We’ve all had to do it. In schools we had to give presentations about different projects and things we’ve learned, why Macbeth is so tortured, why water can a liquid, solid and a gas, and why King Charles I was beheaded in 1649. In university I remember having to give plenty of presentations in class, staring at the bored faces and trying to jazz up PowerPoint slides with music, films, artwork, (even a drama enactment, once), anything to not stand there for too long and talk in a deadpan voice. We’ve all met that one (or three) person in our class whose knees shook while they gave class presentations, and whose shoes we didn’t want to be in. And of course, my working-life has been just the same. At present, every month I have to give the same speech to a group of professionals at various training sessions and courses which I run, and each time I

breathe
Just breathe!

manage to stammer my way through and pretend that the room is empty, or look at the most harmless-looking inhabitant of the room and pretend I’m just speaking to them. Which helps. A little bit.

The symptoms, I’m sure you all recognise. Stammering. Repeatedly saying ‘um’, ‘like’, ‘you know’, ‘er’, ‘erm’ interjected into your speech – you know what to say but you still sound unsure about it. The chest tightening, the sweaty palms, or otherwise that horrible feeling in your stomach and your clothes feeling very uncomfortable. The sweaty armpits and the clammy hair (oh dear). Voices going high and getting stuck in your throat, or otherwise talking in a robotic tone. Speaking too quietly or speaking too loud, too slow for everyone to pay attention to, or too fast for anyone to keep up (guilty!). Staring at everyone and not being sure where to focus, or not making eye contact at all (I’ve seen people stare at the floor even, or just fixate on their pieces of paper). I’ve even had friends tell me about nervous gas issues, nervous hiccups, and nervous pacing about (I’ve seen my Dad do this and I do this myself, it drives my mother up the wall.)

And of course, the dreaded silence before you even start speaking, which acts as the biggest hurdle. Tell a joke, a story, an anecdote, anything to break the ice and make yourself (and them) feel more comfortable. We’ve heard it all before, we convince ourselves that once we break the ice, once we get started, then it’s all a doddle from there. Just get started, and you’ll be fine. And a lot of the time, it’s not. I’ve rarely met anyone who actually loves speaking in public. Even the most confident people I know (and I’m not wallflower myself, most of the times), will baulk a little at the thought of public speaking.

nervAnd it’s not like it’s always about a fear of strangers either – even when you know everyone in the group, and you’ve had plenty of easy one-on-one conversations with them, it’s suddenly a different animal when they’re all together. Because that’s when they all turn into scary pairs of eyes, putting you in the spot and making you feel very conscious of yourself, your words and your self-image which is being projected.

As much as we hate going up in front of a group, avoid speeches and try to even run away from it, we also want to be adored by an audience, we want to have that after-speech glow from imparting some beautiful, witty, amazing and wise sermon to an enraptured audience. And in truth, it’s rarely ever that. As much as we are scared that nobody is listening, we’re also scared that someone actually is. There’s a saying which says ‘no one’s listening until you make a mistake’. Well in these kinds of situations, it’s probably ten times true.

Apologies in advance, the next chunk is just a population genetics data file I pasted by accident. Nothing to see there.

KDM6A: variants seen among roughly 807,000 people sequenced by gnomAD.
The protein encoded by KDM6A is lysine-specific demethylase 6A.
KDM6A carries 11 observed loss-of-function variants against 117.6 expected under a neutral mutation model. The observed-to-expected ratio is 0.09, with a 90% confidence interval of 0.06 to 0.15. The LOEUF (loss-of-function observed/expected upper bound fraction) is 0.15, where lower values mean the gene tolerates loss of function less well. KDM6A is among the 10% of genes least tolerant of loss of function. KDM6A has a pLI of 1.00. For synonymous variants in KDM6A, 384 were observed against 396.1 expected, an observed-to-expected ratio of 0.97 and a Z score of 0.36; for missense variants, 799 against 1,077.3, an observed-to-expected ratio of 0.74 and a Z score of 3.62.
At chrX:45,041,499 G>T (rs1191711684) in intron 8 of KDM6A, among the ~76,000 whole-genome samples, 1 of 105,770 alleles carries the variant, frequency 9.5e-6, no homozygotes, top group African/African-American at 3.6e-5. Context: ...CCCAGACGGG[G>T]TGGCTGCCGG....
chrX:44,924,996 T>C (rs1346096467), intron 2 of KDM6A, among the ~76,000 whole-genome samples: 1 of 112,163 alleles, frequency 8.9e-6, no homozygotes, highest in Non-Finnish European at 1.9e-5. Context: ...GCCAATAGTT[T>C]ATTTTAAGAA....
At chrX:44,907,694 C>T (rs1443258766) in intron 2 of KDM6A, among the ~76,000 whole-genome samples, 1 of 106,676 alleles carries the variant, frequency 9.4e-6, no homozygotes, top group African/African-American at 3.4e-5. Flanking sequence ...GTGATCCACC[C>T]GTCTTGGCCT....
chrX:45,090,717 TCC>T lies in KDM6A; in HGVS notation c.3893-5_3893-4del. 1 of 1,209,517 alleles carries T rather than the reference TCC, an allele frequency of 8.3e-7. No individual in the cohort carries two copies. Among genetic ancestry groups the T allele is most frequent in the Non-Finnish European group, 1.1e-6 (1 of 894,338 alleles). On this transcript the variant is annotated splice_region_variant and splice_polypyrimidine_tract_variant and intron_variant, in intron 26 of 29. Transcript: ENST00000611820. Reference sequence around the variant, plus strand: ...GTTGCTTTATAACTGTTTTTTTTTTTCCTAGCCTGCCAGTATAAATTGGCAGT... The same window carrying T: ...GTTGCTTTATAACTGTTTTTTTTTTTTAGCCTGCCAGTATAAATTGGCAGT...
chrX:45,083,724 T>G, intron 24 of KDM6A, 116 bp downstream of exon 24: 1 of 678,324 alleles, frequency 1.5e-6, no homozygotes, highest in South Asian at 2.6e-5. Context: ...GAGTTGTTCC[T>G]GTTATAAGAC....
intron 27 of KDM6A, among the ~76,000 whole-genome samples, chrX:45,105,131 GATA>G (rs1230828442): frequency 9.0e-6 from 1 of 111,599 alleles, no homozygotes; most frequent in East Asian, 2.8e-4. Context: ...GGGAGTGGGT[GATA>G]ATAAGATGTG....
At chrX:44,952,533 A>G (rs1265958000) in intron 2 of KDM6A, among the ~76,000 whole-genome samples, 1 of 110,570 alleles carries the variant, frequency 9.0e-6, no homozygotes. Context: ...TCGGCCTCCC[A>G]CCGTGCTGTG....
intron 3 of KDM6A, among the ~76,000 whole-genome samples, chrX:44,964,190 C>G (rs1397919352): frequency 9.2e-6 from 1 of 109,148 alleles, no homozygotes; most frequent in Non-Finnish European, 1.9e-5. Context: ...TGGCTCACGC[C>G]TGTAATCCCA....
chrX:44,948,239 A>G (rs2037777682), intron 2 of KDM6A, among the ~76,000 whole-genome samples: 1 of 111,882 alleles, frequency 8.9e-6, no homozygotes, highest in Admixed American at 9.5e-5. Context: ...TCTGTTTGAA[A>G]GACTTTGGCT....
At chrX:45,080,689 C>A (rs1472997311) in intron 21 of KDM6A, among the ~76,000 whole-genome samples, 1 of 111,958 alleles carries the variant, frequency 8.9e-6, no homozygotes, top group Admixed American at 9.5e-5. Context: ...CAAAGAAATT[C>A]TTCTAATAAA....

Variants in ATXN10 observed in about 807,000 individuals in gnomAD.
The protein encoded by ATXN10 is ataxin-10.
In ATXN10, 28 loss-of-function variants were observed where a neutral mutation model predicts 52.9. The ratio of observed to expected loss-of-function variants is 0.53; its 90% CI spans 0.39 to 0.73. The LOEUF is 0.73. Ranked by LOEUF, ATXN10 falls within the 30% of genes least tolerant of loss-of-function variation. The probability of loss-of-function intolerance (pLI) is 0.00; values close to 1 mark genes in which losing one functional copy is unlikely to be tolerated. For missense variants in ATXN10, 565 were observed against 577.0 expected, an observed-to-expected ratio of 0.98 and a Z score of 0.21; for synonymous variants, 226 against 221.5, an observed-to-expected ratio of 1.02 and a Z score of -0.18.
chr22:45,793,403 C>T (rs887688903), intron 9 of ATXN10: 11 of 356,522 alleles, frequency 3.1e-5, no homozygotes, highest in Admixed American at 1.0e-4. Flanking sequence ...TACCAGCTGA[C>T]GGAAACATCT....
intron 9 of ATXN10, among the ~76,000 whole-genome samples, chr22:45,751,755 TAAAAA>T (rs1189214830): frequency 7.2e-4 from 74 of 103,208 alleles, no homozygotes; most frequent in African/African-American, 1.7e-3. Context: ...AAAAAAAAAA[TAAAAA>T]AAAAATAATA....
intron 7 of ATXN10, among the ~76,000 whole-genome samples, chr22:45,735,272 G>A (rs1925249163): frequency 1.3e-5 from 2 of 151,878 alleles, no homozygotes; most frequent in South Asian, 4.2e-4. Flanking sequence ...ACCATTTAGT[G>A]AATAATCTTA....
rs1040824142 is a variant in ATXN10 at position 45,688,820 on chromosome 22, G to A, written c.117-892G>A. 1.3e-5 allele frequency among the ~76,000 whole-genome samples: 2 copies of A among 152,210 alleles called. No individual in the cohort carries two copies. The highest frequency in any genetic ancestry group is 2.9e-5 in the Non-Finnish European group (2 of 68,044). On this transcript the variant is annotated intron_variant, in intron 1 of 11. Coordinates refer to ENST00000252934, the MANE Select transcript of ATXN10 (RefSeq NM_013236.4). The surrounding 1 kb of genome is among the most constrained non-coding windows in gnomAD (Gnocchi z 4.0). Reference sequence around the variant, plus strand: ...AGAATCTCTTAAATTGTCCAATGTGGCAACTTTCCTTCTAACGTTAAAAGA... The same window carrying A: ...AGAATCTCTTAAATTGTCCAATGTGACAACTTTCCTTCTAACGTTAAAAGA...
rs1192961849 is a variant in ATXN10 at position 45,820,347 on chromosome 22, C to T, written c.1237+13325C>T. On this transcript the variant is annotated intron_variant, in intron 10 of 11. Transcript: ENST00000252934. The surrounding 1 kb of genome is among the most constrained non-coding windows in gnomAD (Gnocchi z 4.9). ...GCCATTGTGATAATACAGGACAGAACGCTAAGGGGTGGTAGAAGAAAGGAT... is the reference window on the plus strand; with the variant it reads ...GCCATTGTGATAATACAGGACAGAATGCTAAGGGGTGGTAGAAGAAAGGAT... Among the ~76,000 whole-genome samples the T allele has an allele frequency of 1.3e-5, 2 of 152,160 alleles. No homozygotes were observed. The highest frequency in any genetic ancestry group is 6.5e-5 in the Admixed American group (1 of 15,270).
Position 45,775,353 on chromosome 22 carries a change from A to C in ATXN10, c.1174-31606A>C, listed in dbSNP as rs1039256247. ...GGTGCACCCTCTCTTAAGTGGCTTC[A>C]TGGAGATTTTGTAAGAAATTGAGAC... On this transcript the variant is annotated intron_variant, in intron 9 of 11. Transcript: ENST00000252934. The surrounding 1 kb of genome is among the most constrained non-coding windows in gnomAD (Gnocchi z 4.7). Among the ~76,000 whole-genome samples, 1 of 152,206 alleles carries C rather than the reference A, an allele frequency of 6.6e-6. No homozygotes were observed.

Where does it all come from? There’s plenty of factors, and not just our own nervousness about our abilities and self-image. I also partly blame the ever-growing sophisticated technology of today. Why say something out loud when you can Tweet, Facebook update, text, Whatsapp, email or even blog about it, without worry what people think? You can’t see them, and you can hide behind the anonymous curtain of ‘teh internetz’ and tippy-tappy out opinions on your keyboard.

And yes, a lot of us do have confidence issues, which also makes us feel vulnerable when we speak. Some of us worry about what message we are projecting, the way we look, the hand gestures and body language, or even just what our peers are thinking of us. And don’t get me started on those speeches you haven’t prepared for, the ones where we just try to wing it!

h653DE872

And yes, a lot of us do have confidence issues, which also makes us feel vulnerable when we speak. Some of us worry about what message we are projecting, the way we look, the hand gestures and body language, or even just what our peers are thinking of us. And don’t get me started on those speeches you haven’t prepared for, the ones where we just try to wing it!

I’ve heard about various ‘Public Speaking’ seminars, but I don’t think I could ever see myself as going to that extent and feeling the need to attend them. I’ve heard plenty of different ways of combating nervousness (the ‘imagining everyone naked is the most common one I’ve heard but it’s never worked for me. I just find it incredibly weird and awkward. Repressed Asian girl and nekked-ness? I think not) – but I’m sure you’ll agree, different things work for everyone. In the end, I wouldn’t say that public speaking is a bad thing, but it’s not something I’ve heard many people talk about – perhaps because we don’t like admitting our awkwardness to other people. I know I’ve blagged my way through plent of speeches to have a fake sense of confidence about public speaking!

The best advice I’ve heard so far? ‘Smile like a buffoon and don’t take yourself so seriously. The audience probably won’t,  so why waste time being nervous?’

Advice for Women #3: Cry for your new toaster

Poster says it all really. How to emotionally blackmail your husband into buying household appliances that you’ve always desired. If there’s one thing those darn men don’t know how to handle, it’s a weeping woman, and what better way to shut them up than to buy them something spanking new and shiny for the kitchen? I think you should print out several of these for every occaison of the year. Don’t forget to circle the stuff you want with a strawberry-scented pen!

Advice for Women #2: Clean yourself into thinness!

A clean home is a healthy home. Or is it a happy home? Something like that anyway, but either way, who says you need to be gentle with advertising, when back in the good ole days of advertising subliminal messages and subtlety were but radical ideas, and it was all about straight talking. Forget all that reading in-between the lines, kill two birds with one stone; clean the house and lose some of that weight, fatty. Makes me wonder what’s in these pills which apparently turn you into a speed-cleaning freak (and whether I can buy any for future use – let’s feed these to the men in our family shall we? Maybe not.)

Pop some pills and clean away, clean away to fit into that size zero frilly number.

Advice for Women #1: Dieting? What dieting?

There’s some strange advice ideas floating about for women, and this is not the least weird of them, although it certainly must come at the top of the table. This quaint advert urges us to throw away our silly dieting ideas and eat, eat, eat! All we need are sanitised tapeworms which will take care of all that silly, unnecessary digesting, all in the name of battling our enemy Fat!
(Side effects may include abdominal comfort, loss of appetite and stomach pains, but hey, it’s all in name of beauty right?)